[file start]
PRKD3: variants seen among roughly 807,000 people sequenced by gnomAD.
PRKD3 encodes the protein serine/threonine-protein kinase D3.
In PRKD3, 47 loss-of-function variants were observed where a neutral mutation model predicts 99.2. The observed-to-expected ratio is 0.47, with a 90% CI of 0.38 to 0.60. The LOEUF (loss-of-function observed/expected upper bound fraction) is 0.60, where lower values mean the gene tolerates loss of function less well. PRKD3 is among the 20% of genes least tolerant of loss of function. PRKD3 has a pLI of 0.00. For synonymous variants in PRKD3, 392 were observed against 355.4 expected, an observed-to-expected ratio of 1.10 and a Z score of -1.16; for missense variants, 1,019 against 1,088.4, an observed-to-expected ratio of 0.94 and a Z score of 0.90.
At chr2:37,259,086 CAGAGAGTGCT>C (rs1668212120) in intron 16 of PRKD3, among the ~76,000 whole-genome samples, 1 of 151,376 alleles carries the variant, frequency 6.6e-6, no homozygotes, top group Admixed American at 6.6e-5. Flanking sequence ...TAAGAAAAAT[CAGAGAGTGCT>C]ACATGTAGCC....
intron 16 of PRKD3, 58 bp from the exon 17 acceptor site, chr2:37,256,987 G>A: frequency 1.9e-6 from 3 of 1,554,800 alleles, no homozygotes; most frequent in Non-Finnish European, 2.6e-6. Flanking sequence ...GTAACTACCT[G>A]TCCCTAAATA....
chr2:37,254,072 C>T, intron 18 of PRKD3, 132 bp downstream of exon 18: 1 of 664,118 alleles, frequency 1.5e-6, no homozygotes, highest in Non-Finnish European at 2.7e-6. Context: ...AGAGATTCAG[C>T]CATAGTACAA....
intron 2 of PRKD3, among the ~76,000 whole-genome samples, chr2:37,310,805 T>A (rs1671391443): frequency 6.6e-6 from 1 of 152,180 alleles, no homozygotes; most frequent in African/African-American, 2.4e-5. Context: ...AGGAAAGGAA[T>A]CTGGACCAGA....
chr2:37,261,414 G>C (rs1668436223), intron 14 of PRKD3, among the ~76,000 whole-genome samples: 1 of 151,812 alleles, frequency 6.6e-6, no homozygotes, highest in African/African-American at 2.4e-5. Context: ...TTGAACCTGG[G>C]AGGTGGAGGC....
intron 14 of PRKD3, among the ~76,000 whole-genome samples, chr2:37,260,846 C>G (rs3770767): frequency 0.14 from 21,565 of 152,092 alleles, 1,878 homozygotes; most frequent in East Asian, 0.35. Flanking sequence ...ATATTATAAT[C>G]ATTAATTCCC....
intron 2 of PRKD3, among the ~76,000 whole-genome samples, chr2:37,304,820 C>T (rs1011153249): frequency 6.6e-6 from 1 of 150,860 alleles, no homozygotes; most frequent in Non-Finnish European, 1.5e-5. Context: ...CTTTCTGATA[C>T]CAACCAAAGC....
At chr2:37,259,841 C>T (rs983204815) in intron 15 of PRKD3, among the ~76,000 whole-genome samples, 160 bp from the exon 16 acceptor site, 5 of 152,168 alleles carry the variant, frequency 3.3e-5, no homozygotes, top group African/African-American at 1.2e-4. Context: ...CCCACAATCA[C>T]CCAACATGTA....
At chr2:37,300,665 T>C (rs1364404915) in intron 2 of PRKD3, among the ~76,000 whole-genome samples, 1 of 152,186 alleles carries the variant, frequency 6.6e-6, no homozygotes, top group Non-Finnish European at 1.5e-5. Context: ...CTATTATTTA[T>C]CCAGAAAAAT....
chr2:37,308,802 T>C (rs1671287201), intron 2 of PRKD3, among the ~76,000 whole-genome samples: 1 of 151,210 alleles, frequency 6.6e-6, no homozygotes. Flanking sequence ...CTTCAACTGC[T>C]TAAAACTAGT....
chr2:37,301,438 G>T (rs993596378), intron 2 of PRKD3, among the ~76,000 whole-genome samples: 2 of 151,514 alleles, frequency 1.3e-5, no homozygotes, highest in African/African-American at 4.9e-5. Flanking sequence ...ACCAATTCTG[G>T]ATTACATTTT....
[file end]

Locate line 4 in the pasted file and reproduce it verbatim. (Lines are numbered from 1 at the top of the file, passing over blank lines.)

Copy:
At chr2:37,259,086 CAGAGAGTGCT>C (rs1668212120) in intron 16 of PRKD3, among the ~76,000 whole-genome samples, 1 of 151,376 alleles carries the variant, frequency 6.6e-6, no homozygotes, top group Admixed American at 6.6e-5. Flanking sequence ...TAAGAAAAAT[CAGAGAGTGCT>C]ACATGTAGCC....